© The Financial Times Ltd 2013 FT and 'Financial Times' are trademarks of The Financial Times Ltd.
October 15, 2013 6:54 pm
Even as Congress frantically passes offers back and forth to reopen the US government and raise the ceiling on federal borrowing, financial markets remain fixated on what happens if they fail and there is a default on US debts.
Officials at many agencies say that they are thinking of contingencies but will not discuss them publicly in advance of a crisis. They will not request final decisions from their bosses unless default is imminent and it becomes a necessity.
“In my personal view the Treasury has a back-up plan and I don’t think they want to miss coupon payments,” says Eric Green at TD Securities in New York. “The problem is they can’t publicly talk about this as it blurs the motivation [in Congress] to get a plan done.”
Contingency planning is also complicated because it involves a cascade of decisions, each depending on the one before. If there were no deal, it all starts on Thursday, when the Treasury runs out of ways to delay the debt limit.
Is October 17 really the deadline?
No, or at least not exactly. Jack Lew, the US Treasury secretary, has been careful not to say the US will run out of cash but rather that it will have “run out of borrowing authority”. By the end of Thursday the US will be like a shopper who has hit his overdraft limit: he cannot borrow more but still has cash in his wallet.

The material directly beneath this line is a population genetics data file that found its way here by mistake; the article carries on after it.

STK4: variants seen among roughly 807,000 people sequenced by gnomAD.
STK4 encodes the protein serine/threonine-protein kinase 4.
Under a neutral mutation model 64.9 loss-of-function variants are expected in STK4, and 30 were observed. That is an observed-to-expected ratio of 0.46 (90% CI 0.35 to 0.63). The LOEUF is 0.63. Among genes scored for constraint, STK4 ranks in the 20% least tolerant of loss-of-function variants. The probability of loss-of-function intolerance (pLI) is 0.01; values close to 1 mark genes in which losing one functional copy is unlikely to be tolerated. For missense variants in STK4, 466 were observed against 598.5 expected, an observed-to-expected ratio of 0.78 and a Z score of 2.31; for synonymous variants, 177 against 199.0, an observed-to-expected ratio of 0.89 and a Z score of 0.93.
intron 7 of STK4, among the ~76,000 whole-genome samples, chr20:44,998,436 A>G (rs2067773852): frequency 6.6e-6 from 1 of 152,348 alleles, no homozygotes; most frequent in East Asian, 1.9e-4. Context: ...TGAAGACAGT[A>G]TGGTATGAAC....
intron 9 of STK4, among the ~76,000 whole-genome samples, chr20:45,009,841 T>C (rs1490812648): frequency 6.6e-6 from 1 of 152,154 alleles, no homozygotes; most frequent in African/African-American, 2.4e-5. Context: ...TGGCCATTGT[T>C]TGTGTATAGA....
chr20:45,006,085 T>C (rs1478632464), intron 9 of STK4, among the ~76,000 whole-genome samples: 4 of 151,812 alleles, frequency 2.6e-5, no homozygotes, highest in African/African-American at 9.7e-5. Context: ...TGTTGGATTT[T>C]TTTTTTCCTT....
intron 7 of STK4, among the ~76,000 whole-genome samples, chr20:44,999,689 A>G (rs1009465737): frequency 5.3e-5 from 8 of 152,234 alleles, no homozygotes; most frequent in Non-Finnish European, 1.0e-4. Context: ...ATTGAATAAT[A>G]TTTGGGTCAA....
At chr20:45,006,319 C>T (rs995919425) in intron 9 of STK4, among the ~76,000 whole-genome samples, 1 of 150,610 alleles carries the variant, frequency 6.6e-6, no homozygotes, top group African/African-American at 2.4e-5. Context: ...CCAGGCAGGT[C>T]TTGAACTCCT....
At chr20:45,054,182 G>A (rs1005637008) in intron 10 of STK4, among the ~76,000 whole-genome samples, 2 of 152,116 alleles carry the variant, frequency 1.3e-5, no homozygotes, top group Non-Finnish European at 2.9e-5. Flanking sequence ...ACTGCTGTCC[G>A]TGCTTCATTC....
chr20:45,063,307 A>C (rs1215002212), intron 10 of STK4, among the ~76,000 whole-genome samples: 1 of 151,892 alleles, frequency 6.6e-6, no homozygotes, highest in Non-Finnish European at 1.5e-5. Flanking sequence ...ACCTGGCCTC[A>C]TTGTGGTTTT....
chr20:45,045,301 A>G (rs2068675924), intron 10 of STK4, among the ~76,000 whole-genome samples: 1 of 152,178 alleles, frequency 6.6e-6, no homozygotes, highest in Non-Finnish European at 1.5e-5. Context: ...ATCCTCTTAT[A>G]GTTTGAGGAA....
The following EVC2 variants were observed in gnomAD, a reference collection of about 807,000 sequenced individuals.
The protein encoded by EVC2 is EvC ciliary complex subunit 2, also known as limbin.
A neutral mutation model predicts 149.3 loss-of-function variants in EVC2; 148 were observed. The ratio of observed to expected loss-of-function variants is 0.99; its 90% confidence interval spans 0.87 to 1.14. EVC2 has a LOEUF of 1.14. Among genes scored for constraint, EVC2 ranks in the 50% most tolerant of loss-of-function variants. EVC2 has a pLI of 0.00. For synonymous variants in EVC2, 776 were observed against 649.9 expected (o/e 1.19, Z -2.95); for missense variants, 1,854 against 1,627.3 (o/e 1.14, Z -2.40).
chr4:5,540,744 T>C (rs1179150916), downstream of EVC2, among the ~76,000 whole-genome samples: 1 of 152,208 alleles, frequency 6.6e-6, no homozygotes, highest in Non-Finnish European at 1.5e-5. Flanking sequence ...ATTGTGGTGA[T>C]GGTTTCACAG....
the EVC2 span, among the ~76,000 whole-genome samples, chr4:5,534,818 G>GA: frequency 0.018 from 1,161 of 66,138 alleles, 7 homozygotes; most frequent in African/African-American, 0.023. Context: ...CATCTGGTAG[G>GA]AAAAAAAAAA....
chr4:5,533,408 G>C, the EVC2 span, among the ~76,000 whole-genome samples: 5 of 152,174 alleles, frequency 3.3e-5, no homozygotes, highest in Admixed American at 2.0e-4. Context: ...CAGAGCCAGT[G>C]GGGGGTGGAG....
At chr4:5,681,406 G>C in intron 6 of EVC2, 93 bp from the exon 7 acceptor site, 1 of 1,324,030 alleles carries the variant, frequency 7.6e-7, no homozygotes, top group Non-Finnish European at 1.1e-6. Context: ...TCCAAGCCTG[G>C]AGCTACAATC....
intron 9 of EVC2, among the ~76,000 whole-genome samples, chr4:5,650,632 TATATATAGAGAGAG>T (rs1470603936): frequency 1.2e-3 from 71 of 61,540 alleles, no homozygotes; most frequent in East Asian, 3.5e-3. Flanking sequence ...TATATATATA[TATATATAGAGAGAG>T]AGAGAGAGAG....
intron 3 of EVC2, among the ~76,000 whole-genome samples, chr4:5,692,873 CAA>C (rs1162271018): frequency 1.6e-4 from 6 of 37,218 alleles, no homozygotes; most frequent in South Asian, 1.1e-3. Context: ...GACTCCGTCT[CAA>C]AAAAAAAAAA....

When that cash runs out depends on when bills fall due. Steve Bell, senior director at the Bipartisan Policy Centre in Washington, estimates the “X-date” will fall between October 23, when a $12bn Social Security payment is due, and November 1, when a slew of bills will use up remaining cash.
It is not that simple, however, because each Thursday – October 17, 24 and 31 – the US has to roll over debt. As long as investors are willing, rollovers do not use up cash. In that case, the real deadline is either November 1 or whenever markets panic.
There is one more wrinkle. Through a legally dubious manoeuvre, known as an extension of the Debt Issuance Suspension Period, the Treasury could buy a little more time. Doing so would contradict Mr Lew, however, and there would be no point unless a settlement were in sight.
Can the president ignore the debt ceiling?
For all the outlandish arguments about invoking the 14th amendment or minting a $1tn platinum coin, President Barack Obama has two options if there is no increase in the borrowing limit: he can respect the debt limit law or he can ignore it.
Mr Obama and his advisers insist there is no escape hatch but, if it came to it, Mr Bell thinks the president would have no choice but to ignore the limit and keep borrowing. “Would you rather have turmoil in global markets or would you rather have lawyers arguing?” he says. “I’m much more worried about the market reaction than I am about a theoretical legal or constitutional problem.”